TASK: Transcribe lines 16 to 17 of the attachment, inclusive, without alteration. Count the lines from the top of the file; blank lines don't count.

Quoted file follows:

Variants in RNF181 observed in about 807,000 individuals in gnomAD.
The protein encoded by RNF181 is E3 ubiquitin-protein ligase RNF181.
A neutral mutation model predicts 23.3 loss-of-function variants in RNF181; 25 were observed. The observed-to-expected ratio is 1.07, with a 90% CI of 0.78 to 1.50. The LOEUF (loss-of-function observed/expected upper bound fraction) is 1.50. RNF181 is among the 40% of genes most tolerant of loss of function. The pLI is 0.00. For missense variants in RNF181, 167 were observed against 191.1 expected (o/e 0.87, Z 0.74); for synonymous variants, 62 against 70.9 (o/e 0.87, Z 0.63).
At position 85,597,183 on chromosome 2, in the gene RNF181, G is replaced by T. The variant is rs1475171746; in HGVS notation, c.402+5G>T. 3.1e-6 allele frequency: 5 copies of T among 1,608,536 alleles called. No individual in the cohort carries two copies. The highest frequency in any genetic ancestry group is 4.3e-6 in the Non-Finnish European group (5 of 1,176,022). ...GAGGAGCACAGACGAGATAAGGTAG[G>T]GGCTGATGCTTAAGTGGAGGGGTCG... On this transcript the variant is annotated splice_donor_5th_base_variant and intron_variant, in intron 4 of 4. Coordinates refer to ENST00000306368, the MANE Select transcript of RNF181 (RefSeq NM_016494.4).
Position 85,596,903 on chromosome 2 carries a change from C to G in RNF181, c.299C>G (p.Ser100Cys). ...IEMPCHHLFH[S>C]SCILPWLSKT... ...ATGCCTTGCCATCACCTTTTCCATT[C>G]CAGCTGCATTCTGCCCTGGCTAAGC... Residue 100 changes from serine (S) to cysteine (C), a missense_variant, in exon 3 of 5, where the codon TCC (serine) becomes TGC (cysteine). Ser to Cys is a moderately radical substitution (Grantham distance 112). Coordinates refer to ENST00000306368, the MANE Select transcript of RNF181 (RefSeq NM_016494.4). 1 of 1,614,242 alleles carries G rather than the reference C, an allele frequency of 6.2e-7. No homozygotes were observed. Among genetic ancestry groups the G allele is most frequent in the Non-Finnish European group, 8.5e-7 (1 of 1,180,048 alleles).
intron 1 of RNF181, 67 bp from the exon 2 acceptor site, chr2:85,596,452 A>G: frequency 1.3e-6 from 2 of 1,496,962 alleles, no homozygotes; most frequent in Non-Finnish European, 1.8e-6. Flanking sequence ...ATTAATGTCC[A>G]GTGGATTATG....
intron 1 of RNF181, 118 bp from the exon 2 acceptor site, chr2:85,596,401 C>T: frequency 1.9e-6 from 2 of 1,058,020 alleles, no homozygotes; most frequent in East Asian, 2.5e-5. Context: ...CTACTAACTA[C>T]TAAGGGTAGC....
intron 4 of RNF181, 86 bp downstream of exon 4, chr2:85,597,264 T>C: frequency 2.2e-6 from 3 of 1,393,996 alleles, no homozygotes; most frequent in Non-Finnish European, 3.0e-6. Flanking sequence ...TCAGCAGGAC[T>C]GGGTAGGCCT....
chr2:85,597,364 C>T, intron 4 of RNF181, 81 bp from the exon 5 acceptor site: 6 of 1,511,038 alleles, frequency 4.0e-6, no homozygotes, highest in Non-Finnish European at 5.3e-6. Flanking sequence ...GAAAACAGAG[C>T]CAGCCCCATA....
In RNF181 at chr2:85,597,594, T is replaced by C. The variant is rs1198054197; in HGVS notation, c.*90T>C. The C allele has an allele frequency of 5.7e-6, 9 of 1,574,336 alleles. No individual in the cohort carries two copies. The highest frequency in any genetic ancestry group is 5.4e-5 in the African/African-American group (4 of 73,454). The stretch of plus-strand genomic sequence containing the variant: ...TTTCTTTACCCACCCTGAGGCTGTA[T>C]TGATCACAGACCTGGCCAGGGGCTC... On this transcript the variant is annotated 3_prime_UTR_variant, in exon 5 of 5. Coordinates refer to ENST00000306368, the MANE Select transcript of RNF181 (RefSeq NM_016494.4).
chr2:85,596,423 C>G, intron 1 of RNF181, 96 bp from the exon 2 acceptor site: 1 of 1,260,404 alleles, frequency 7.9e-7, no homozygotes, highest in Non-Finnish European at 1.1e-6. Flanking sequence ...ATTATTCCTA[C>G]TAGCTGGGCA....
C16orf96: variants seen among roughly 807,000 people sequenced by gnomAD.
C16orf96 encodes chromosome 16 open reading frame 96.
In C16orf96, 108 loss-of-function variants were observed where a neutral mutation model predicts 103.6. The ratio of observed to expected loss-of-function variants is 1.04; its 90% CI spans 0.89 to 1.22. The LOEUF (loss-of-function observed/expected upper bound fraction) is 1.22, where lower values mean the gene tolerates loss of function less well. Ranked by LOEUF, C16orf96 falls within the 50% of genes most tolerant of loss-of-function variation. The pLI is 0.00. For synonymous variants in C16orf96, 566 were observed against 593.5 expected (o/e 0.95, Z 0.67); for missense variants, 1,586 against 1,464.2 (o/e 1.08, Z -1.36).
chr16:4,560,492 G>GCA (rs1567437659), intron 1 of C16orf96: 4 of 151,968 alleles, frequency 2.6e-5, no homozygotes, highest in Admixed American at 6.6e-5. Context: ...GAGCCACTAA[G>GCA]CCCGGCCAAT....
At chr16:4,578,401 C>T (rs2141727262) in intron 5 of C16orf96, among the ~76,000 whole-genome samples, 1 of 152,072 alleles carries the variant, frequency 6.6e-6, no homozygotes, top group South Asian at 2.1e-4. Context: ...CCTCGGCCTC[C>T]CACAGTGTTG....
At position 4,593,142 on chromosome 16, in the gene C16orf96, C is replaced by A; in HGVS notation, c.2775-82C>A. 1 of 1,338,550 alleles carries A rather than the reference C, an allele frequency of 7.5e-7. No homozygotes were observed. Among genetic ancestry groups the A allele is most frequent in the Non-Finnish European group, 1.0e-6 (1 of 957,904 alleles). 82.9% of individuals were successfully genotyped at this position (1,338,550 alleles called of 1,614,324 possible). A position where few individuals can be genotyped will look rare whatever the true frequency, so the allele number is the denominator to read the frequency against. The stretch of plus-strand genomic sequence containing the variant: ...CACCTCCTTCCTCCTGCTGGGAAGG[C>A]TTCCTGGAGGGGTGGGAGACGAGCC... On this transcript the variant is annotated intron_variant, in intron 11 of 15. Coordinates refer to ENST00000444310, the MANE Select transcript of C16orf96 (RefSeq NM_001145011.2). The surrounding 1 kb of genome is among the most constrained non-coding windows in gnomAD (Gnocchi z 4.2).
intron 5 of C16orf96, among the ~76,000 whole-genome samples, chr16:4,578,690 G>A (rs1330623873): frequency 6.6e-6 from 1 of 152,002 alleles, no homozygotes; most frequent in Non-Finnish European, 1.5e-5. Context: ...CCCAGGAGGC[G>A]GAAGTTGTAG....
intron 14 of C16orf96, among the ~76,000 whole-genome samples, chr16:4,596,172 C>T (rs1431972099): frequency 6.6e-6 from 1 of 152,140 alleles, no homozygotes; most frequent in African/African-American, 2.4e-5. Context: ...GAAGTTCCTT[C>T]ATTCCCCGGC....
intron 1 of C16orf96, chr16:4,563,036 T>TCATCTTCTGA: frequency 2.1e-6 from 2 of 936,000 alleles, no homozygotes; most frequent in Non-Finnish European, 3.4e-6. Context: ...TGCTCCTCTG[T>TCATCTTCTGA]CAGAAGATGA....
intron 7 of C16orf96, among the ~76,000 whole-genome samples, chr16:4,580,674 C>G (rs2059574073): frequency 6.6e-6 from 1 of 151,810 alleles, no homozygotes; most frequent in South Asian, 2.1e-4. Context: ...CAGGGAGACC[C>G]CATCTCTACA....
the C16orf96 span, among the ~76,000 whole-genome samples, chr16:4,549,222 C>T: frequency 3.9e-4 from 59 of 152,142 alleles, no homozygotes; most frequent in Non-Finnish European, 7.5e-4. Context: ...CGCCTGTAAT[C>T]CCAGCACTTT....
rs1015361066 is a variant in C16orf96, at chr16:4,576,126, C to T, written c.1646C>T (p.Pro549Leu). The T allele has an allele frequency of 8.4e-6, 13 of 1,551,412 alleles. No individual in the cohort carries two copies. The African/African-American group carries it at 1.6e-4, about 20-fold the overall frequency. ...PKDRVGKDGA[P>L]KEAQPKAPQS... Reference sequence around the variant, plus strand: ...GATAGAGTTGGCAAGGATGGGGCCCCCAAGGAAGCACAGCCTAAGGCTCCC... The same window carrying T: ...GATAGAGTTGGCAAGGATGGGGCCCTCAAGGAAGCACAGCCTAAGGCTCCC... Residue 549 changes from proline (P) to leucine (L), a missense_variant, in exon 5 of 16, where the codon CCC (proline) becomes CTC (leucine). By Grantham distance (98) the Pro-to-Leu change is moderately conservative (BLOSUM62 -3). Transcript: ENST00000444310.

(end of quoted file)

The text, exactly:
At chr16:4,578,401 C>T (rs2141727262) in intron 5 of C16orf96, among the ~76,000 whole-genome samples, 1 of 152,072 alleles carries the variant, frequency 6.6e-6, no homozygotes, top group South Asian at 2.1e-4. Context: ...CCTCGGCCTC[C>T]CACAGTGTTG....
At position 4,593,142 on chromosome 16, in the gene C16orf96, C is replaced by A; in HGVS notation, c.2775-82C>A. 1 of 1,338,550 alleles carries A rather than the reference C, an allele frequency of 7.5e-7. No homozygotes were observed. Among genetic ancestry groups the A allele is most frequent in the Non-Finnish European group, 1.0e-6 (1 of 957,904 alleles). 82.9% of individuals were successfully genotyped at this position (1,338,550 alleles called of 1,614,324 possible). A position where few individuals can be genotyped will look rare whatever the true frequency, so the allele number is the denominator to read the frequency against. The stretch of plus-strand genomic sequence containing the variant: ...CACCTCCTTCCTCCTGCTGGGAAGG[C>A]TTCCTGGAGGGGTGGGAGACGAGCC... On this transcript the variant is annotated intron_variant, in intron 11 of 15. Coordinates refer to ENST00000444310, the MANE Select transcript of C16orf96 (RefSeq NM_001145011.2). The surrounding 1 kb of genome is among the most constrained non-coding windows in gnomAD (Gnocchi z 4.2).